Ford Mansion was purchased by four prominent New Jersey men, who subsequently created the Washington Association of New Jersey in order to preserve the house and display it to the public.
Ford Mansion is one of the earliest house museums in the United States.
This closer view of the table used as a desk is arguably my favorite photograph of inside Ford Mansion.
Members of the Washington Association — which still exists today across Washington Place from Ford Mansion — donated the house and their extensive collections to the National Park Service of the United States in 1933.
The house is supposed to be shown only by guided tours which begin in the museum building; but I had no problem whatsoever touring both stories of the building on my own.
Rooms cannot be accessed, as they are roped off at their doorway entrances in order to protect the contents of the rooms from the public.
Statue and Plaques
On Morris Avenue — across the street from Ford Mansion — is a statue of George Washington mounted on a horse.
On the historic marker are the words “Washington made his winder headquarters at the Arnold Tavern, January 6, 1777, now a part of All Souls Hospital. December, 1779, he established quarters at the Ford Mansion, now maintained as a museum.”
Yes — George Washington is looking right at you.
Born on Friday, February 22, 1732, George Washington would have been 286 years old today.
Under the leadership and command of George Washington, the Continental Army emerged as a cohesive and disciplined fighting force.
The white building behind the statue is the First Church of Christ, Scientist Morristown. It is not part of the site.
In fact, plenty of private homes and apartments are across the street from the statue and Ford Mansion, within view.
This engraving commemorates the headquarters of George Washington from January 1777 through May 1777 and from December 1779 through June of 1780.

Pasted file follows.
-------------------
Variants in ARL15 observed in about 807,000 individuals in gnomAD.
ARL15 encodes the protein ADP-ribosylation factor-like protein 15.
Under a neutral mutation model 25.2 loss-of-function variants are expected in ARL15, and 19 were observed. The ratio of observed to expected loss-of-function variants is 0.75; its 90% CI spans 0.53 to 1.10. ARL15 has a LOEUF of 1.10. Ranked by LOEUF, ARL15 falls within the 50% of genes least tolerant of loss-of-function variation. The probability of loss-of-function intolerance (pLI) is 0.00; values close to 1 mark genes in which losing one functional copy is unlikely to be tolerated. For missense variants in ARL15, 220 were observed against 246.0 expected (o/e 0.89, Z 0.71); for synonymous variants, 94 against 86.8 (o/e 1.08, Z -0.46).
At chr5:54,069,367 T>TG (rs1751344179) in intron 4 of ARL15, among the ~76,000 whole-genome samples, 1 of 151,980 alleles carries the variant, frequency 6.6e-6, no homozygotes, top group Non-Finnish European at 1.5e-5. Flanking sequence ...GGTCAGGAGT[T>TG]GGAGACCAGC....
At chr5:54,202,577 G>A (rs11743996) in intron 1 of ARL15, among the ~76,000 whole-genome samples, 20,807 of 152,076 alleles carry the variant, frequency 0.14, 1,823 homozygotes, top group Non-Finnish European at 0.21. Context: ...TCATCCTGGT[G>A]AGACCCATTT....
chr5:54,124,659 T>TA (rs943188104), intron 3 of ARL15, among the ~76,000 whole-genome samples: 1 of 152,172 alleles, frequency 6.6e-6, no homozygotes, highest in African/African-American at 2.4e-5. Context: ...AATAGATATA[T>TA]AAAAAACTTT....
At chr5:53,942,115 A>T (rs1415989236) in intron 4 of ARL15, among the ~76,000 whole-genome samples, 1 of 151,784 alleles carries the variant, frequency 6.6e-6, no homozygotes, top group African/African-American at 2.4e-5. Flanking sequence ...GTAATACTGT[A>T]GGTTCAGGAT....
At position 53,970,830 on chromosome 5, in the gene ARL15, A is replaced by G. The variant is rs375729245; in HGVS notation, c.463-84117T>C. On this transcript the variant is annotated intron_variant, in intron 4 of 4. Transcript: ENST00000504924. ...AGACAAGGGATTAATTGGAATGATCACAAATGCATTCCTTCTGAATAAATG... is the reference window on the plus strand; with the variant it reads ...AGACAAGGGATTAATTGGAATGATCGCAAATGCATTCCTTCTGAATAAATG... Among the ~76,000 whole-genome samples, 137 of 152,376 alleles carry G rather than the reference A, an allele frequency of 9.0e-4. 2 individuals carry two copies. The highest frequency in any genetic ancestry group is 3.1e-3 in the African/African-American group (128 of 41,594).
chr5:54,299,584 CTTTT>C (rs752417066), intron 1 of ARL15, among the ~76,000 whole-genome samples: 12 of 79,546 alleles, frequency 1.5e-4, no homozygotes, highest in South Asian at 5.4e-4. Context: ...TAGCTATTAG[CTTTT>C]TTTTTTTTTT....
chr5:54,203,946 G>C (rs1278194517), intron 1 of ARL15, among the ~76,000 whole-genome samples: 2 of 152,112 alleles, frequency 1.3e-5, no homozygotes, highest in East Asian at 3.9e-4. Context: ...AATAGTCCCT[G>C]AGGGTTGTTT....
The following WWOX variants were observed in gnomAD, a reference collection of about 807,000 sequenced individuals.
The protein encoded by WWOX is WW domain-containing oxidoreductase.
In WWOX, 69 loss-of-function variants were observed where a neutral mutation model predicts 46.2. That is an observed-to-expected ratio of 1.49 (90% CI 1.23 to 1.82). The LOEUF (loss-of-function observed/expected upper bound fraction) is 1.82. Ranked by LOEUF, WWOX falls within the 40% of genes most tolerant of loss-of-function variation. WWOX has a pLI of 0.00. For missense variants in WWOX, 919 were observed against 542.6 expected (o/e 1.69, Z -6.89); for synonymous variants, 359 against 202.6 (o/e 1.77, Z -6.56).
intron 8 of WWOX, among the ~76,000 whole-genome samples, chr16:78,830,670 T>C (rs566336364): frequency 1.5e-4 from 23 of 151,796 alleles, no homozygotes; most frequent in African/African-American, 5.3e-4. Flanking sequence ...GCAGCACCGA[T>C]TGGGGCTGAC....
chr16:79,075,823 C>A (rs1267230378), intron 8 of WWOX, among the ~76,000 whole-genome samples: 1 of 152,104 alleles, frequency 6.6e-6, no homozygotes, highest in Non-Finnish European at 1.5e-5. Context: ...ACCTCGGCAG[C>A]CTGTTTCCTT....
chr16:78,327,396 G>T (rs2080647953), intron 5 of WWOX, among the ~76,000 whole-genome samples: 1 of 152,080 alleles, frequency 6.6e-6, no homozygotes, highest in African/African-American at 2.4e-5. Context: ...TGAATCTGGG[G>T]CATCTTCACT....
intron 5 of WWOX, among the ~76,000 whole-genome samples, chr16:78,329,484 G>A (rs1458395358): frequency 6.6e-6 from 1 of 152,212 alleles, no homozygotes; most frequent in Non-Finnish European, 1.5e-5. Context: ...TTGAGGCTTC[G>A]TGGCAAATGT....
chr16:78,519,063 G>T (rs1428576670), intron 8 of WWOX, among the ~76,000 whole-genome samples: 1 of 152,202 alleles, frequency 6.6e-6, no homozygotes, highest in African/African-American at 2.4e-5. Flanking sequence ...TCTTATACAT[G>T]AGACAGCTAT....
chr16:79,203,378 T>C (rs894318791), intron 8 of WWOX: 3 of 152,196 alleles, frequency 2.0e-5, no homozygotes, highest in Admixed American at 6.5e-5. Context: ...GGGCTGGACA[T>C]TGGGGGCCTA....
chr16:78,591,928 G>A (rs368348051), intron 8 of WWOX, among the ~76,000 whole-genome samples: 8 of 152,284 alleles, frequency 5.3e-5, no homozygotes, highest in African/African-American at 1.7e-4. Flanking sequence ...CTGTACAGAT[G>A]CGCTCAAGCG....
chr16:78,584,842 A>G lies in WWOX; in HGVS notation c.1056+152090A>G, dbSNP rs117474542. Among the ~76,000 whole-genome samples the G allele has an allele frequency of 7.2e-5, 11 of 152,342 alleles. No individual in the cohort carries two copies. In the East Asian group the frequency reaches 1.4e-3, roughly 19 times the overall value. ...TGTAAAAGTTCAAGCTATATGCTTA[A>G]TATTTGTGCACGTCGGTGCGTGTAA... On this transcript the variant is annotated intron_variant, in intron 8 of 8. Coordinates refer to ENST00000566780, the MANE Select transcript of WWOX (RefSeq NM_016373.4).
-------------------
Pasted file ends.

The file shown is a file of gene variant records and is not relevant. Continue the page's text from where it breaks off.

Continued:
This plaque from 1932 commemorates the encampment of the Continental Army in Morristown from 1777 through 1781.
The corner of Morris Avenue and Washington Place at which Ford Mansion is located in Morristown features the first time I have seen the Clearview Highway typeface in New Jersey on street signs or road signs. I intend to comment more on what I consider a horrid typeface in future articles here at The Gate — but I digress.
The site of George Washington’s headquarters in Morristown is conveniently located off of Exit 36 of Interstate 287 approximately 30 miles west of New York; and Interstate 80 and Interstate 280 are only several miles to the north and east.
George Washington’s Headquarters
30 Washington Place
Morristown, New Jersey 07960
973-539-2016 extension 210
As with the George Washington Birthplace National Monument, the best part is that there is no admission fee; and parking is free of charge. Pack a picnic lunch when you have the opportunity to visit and simply enjoy your day while taking in the history and scenery, as the site has nicely landscaped grounds — but if a picnic lunch is not for you, restaurants and shopping are located nearby.
With the exception of several holidays, the site is open seven days per week from 8:00 in the morning until sunset all year round.
All photographs ©2017 by Brian Cohen.